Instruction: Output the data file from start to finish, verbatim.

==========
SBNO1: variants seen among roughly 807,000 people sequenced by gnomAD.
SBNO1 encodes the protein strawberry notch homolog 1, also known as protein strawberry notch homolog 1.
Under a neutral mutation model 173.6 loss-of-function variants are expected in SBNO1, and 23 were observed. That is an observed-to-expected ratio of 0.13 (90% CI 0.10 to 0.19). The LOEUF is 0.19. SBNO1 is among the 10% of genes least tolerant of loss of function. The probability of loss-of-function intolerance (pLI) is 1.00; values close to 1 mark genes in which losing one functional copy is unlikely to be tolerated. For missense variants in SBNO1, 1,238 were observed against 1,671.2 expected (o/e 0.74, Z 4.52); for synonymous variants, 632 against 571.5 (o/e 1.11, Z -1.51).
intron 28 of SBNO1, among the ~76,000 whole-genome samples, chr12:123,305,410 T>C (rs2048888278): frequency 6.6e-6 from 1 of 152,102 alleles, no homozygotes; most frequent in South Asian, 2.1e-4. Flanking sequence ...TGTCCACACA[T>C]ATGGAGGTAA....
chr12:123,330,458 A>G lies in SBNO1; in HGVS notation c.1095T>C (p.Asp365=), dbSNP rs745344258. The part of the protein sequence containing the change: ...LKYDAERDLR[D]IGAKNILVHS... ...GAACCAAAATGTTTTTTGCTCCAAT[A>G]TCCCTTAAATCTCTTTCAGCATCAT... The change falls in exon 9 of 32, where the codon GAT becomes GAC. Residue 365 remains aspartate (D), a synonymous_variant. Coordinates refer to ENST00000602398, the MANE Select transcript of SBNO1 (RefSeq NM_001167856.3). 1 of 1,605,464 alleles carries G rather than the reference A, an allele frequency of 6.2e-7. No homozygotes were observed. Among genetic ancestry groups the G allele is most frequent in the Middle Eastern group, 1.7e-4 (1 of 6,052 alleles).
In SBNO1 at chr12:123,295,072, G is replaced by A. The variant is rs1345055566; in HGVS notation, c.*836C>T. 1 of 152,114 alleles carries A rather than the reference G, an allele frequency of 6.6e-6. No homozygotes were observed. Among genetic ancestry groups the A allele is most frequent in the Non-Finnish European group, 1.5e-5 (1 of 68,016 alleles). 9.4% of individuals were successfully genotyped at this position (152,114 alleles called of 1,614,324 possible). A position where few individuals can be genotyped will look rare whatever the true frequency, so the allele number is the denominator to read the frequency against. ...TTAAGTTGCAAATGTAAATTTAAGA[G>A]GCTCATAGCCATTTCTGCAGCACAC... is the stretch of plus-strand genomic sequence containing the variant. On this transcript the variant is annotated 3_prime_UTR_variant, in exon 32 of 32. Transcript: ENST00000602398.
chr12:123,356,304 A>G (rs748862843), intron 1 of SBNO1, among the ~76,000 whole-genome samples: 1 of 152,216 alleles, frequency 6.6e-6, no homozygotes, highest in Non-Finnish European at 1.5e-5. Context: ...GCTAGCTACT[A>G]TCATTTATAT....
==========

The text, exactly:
SBNO1: variants seen among roughly 807,000 people sequenced by gnomAD.
SBNO1 encodes the protein strawberry notch homolog 1, also known as protein strawberry notch homolog 1.
Under a neutral mutation model 173.6 loss-of-function variants are expected in SBNO1, and 23 were observed. That is an observed-to-expected ratio of 0.13 (90% CI 0.10 to 0.19). The LOEUF is 0.19. SBNO1 is among the 10% of genes least tolerant of loss of function. The probability of loss-of-function intolerance (pLI) is 1.00; values close to 1 mark genes in which losing one functional copy is unlikely to be tolerated. For missense variants in SBNO1, 1,238 were observed against 1,671.2 expected (o/e 0.74, Z 4.52); for synonymous variants, 632 against 571.5 (o/e 1.11, Z -1.51).
intron 28 of SBNO1, among the ~76,000 whole-genome samples, chr12:123,305,410 T>C (rs2048888278): frequency 6.6e-6 from 1 of 152,102 alleles, no homozygotes; most frequent in South Asian, 2.1e-4. Flanking sequence ...TGTCCACACA[T>C]ATGGAGGTAA....
chr12:123,330,458 A>G lies in SBNO1; in HGVS notation c.1095T>C (p.Asp365=), dbSNP rs745344258. The part of the protein sequence containing the change: ...LKYDAERDLR[D]IGAKNILVHS... ...GAACCAAAATGTTTTTTGCTCCAAT[A>G]TCCCTTAAATCTCTTTCAGCATCAT... The change falls in exon 9 of 32, where the codon GAT becomes GAC. Residue 365 remains aspartate (D), a synonymous_variant. Coordinates refer to ENST00000602398, the MANE Select transcript of SBNO1 (RefSeq NM_001167856.3). 1 of 1,605,464 alleles carries G rather than the reference A, an allele frequency of 6.2e-7. No homozygotes were observed. Among genetic ancestry groups the G allele is most frequent in the Middle Eastern group, 1.7e-4 (1 of 6,052 alleles).
In SBNO1 at chr12:123,295,072, G is replaced by A. The variant is rs1345055566; in HGVS notation, c.*836C>T. 1 of 152,114 alleles carries A rather than the reference G, an allele frequency of 6.6e-6. No homozygotes were observed. Among genetic ancestry groups the A allele is most frequent in the Non-Finnish European group, 1.5e-5 (1 of 68,016 alleles). 9.4% of individuals were successfully genotyped at this position (152,114 alleles called of 1,614,324 possible). A position where few individuals can be genotyped will look rare whatever the true frequency, so the allele number is the denominator to read the frequency against. ...TTAAGTTGCAAATGTAAATTTAAGA[G>A]GCTCATAGCCATTTCTGCAGCACAC... is the stretch of plus-strand genomic sequence containing the variant. On this transcript the variant is annotated 3_prime_UTR_variant, in exon 32 of 32. Transcript: ENST00000602398.
chr12:123,356,304 A>G (rs748862843), intron 1 of SBNO1, among the ~76,000 whole-genome samples: 1 of 152,216 alleles, frequency 6.6e-6, no homozygotes, highest in Non-Finnish European at 1.5e-5. Context: ...GCTAGCTACT[A>G]TCATTTATAT....